The US economic recovery continues to “shock and awe” investors and macroeconomists. After a sudden, Covid-19-related economic collapse in Q2 2020, US activity rebounded strongly, driven by massive policy stimulus. Importantly, the recovery seems to be more sustainable and distributed across different sectors, despite continuous waves of new Covid-19 cases.
In line with such recovery and acceleration in activity, the US “Employment Situation” report for March 2021 presented strong results. In fact, US nonfarm payrolls, which account for the overall number of nonfarm workers in the US private sector, increased by almost one million workers last month, surpassing analysts’ expectations by far. After almost eleven months of uninterrupted growth, nonfarm payrolls reached a level of 144.1 million workers in March. At this level, US nonfarm payrolls have already reversed 62% of the decline since the initial shock from the pandemic.
The US labor market is a key indicator for the health of the overall US economy. This piece dives into three main points about current developments in the US labor markets.
First, the pace of the recovery in US civilian employment has been unprecedented. While the initial spike in unemployment was sharp due to the pandemic, the ongoing recovery is also taking place at record speed. Usually, the employment cycle plays out assymetrically, with unemployment increasing rapidly during recessions and reversing only gradually during economic expansions. This time around, however, employment has moved sharply in both directions. As a matter of reference, employment is reversing back to pre-Covid-19 levels 5 times faster than after the last two recessions. Such pace of recovery is a strong signal that the US economy is moving away from the Covid-19 recession in a much better shape than it was in after the global financial crisis or the tech bust recession of the early 2000s (see graph 2).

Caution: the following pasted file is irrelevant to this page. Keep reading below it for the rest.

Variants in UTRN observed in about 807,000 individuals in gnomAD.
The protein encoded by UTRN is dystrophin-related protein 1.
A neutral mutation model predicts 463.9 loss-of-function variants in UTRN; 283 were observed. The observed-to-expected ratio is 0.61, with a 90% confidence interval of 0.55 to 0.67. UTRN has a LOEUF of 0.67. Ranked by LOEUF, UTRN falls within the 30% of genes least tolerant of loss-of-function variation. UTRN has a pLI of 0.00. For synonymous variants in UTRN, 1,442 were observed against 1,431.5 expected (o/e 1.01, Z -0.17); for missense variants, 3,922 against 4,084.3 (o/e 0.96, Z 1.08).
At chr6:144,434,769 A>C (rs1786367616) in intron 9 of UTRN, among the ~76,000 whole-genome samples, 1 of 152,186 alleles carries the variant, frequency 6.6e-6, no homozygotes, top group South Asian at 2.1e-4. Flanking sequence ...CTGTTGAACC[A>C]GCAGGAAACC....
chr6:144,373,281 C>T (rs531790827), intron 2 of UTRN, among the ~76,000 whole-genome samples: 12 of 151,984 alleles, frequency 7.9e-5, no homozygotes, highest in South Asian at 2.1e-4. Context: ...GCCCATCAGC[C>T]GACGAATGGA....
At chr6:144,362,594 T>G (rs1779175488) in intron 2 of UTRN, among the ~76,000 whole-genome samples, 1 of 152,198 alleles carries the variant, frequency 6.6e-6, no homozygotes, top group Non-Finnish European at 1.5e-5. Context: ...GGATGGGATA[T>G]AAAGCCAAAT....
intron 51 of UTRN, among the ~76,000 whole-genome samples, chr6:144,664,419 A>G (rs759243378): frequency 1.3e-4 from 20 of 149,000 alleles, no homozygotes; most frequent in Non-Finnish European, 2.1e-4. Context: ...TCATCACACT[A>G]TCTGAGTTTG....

Second, the breadth of the recovery in US employment has also been strong, with significant job gains across most of the major industries. Covid-19-sensitive sectors have also benefited from strong employment growth, including categories such as leisure and hospitality, education, retail trade and other services. We expect continued employment growth in these sectors as the US economy re-opens over the summer.
Third, the overwhelming majority of US workers are emerging from the pandemic in a better financial situation than they were before the outbreak of Covid-19. According to the Bureau of Labor Statistics, the real hourly earnings of US employees, which is adjusted by CPI inflation, has increased by almost 4% since January 2020. Such increase, amid a US recession, was only possible due to generous financial transfers from the government to households. As a result, personal income and household savings soared, creating a wall of consumer money that will likely be deployed once the economy opens up. This is expected to create a positive feedback loop in which additional spending creates more jobs, increases confidence and ultimately leads to even more spending.
All in all, a strong US labor market, after a deep recession, is a positive driver for the global economy. In the absence of any other major exogenous shock, the US is set to lead the world into a period of higher GDP growth rates.